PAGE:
A simple trick for boosting your outward confidence
Would you like to make a better impression on people? That could be say when you need to give a presentation – perhaps you’re pitching your product or services to customers. Maybe it’s pitching yourself in a job interview. Or it could be in a social setting: perhaps you want to make a stronger impact on friends or a date even.
Whatever the situation, here’s a quick technique that you can use to improve how people see you. I wrote about this technique (and others) in my book How To Stand Out. I call it the power paragraphs method. It has been tested by researchers and it only takes a few minutes to do.
The original research team invited a group of undergraduate students to take part in a practice interview with two experienced interviewers. Just minutes before the interview was due to begin, the undergraduates were randomly split into three groups and asked to do one of three different things:
- One third of the undergraduates were asked to write about a time that they felt powerless – when someone else had power or influence over them.
- Another third of the undergraduates wrote about a time that they felt powerful, i.e. when they had power or influence over another person or persons.
- The final third of the group acted as a control group and were not asked to write about power or powerlessness.
All of the students then went in for their interviews. The interviewers were not told which students had written about feeling powerful or powerless; the interviewers were simply asked to judge who they would have hired.
The researchers immediately spotted a major difference between the success rate of the three groups. 47.1% of candidates in the control condition were successful in their interviews. However, 68.4% of candidates in the powerful condition passed the interview.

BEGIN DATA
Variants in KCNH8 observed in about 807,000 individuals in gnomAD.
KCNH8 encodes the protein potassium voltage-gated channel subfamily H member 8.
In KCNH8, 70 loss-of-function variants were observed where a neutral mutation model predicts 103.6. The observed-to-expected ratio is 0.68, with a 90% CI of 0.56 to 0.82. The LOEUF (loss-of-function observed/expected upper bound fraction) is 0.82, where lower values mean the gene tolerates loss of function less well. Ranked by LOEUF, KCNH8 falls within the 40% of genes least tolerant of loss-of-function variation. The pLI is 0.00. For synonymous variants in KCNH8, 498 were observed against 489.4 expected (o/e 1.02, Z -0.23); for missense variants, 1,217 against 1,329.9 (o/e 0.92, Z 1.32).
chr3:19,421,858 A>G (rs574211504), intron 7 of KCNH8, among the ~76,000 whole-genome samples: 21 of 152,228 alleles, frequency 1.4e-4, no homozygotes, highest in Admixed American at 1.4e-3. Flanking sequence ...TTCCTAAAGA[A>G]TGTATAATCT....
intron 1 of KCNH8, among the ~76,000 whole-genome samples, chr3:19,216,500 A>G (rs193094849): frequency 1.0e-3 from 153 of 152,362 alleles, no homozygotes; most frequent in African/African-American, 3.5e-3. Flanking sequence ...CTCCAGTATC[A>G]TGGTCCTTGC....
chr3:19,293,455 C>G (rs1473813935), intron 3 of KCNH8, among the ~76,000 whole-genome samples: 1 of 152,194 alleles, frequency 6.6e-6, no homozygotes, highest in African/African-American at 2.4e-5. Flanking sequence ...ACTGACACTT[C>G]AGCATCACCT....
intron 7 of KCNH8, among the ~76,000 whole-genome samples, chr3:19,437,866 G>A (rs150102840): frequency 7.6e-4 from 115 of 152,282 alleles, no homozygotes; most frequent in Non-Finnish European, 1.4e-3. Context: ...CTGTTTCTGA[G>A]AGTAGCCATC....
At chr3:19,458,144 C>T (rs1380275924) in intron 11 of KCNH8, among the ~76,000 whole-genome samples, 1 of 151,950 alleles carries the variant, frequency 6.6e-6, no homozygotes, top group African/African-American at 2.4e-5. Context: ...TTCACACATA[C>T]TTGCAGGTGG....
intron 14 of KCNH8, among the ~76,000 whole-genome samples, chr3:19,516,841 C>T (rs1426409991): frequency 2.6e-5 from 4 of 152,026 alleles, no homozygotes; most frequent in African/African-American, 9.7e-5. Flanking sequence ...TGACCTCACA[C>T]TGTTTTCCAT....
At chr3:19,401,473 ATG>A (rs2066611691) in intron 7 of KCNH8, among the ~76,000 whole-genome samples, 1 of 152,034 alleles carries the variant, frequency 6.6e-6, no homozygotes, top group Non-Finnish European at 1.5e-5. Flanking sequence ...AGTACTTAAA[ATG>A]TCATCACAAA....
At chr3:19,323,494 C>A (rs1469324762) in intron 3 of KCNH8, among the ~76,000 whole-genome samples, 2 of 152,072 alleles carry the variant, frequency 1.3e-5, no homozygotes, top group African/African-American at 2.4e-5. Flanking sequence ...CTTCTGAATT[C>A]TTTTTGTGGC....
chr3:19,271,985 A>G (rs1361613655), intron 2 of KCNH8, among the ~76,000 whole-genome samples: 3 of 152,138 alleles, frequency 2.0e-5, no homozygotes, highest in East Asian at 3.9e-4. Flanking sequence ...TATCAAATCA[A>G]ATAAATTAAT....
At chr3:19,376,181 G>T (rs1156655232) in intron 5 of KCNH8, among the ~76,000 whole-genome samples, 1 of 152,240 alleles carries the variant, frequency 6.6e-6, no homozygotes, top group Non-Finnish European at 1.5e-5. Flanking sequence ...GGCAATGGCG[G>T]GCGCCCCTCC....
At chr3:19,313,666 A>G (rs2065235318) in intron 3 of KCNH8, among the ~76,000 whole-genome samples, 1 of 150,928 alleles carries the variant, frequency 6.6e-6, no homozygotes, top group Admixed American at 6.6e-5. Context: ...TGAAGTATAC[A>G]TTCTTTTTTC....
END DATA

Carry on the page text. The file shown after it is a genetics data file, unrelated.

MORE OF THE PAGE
That’s a pretty great result, isn’t it? Simply spending a few minutes writing about a time they felt powerful helped those candidates to do significantly better at the interview. Other research tells us that feeling powerful may decrease bodily levels of cortisol, the stress hormone – so maybe that’s why this technique works.
The researchers also spotted that candidates who had written about a time they felt powerless were much more likely to fail – they were successful in the interview only 26.3% of the time. Now, clearly no one would go into an interview situation and spend a few minutes writing about a time that they felt powerless. However, the reality is that many people do feel powerless without realising it. Many job hunters experience multiple rejections; they may end up feeling despondent and powerless without ever really thinking about it.
People in all walks of life may feel disappointed with aspects of themselves – with their social lives, their careers, their financial situations and so on. And that may lead them to feel powerless – even though they may never even think of the word “power.”
So here’s the point:
If you want to make a significantly better impression, consider using the power paragraphs technique. Simply spend a few minutes writing about a situation when you had power over another individual or individuals.